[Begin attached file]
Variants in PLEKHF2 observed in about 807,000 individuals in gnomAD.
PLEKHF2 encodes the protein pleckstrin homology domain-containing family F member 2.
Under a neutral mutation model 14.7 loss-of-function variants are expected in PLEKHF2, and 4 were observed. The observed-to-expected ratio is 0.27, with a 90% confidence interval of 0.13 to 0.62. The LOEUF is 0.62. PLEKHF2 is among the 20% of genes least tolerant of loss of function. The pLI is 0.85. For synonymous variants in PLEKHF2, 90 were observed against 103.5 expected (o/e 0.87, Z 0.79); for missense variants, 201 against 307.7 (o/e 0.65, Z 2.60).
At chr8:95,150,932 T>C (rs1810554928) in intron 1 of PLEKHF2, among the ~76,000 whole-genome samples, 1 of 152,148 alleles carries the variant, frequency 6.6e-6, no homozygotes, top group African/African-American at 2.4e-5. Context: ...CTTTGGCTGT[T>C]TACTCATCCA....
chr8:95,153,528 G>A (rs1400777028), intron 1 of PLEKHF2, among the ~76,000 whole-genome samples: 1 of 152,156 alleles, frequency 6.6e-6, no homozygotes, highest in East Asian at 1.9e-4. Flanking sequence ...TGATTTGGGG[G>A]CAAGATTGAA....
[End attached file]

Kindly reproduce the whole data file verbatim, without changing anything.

Variants in PLEKHF2 observed in about 807,000 individuals in gnomAD.
PLEKHF2 encodes the protein pleckstrin homology domain-containing family F member 2.
Under a neutral mutation model 14.7 loss-of-function variants are expected in PLEKHF2, and 4 were observed. The observed-to-expected ratio is 0.27, with a 90% confidence interval of 0.13 to 0.62. The LOEUF is 0.62. PLEKHF2 is among the 20% of genes least tolerant of loss of function. The pLI is 0.85. For synonymous variants in PLEKHF2, 90 were observed against 103.5 expected (o/e 0.87, Z 0.79); for missense variants, 201 against 307.7 (o/e 0.65, Z 2.60).
At chr8:95,150,932 T>C (rs1810554928) in intron 1 of PLEKHF2, among the ~76,000 whole-genome samples, 1 of 152,148 alleles carries the variant, frequency 6.6e-6, no homozygotes, top group African/African-American at 2.4e-5. Context: ...CTTTGGCTGT[T>C]TACTCATCCA....
chr8:95,153,528 G>A (rs1400777028), intron 1 of PLEKHF2, among the ~76,000 whole-genome samples: 1 of 152,156 alleles, frequency 6.6e-6, no homozygotes, highest in East Asian at 1.9e-4. Flanking sequence ...TGATTTGGGG[G>A]CAAGATTGAA....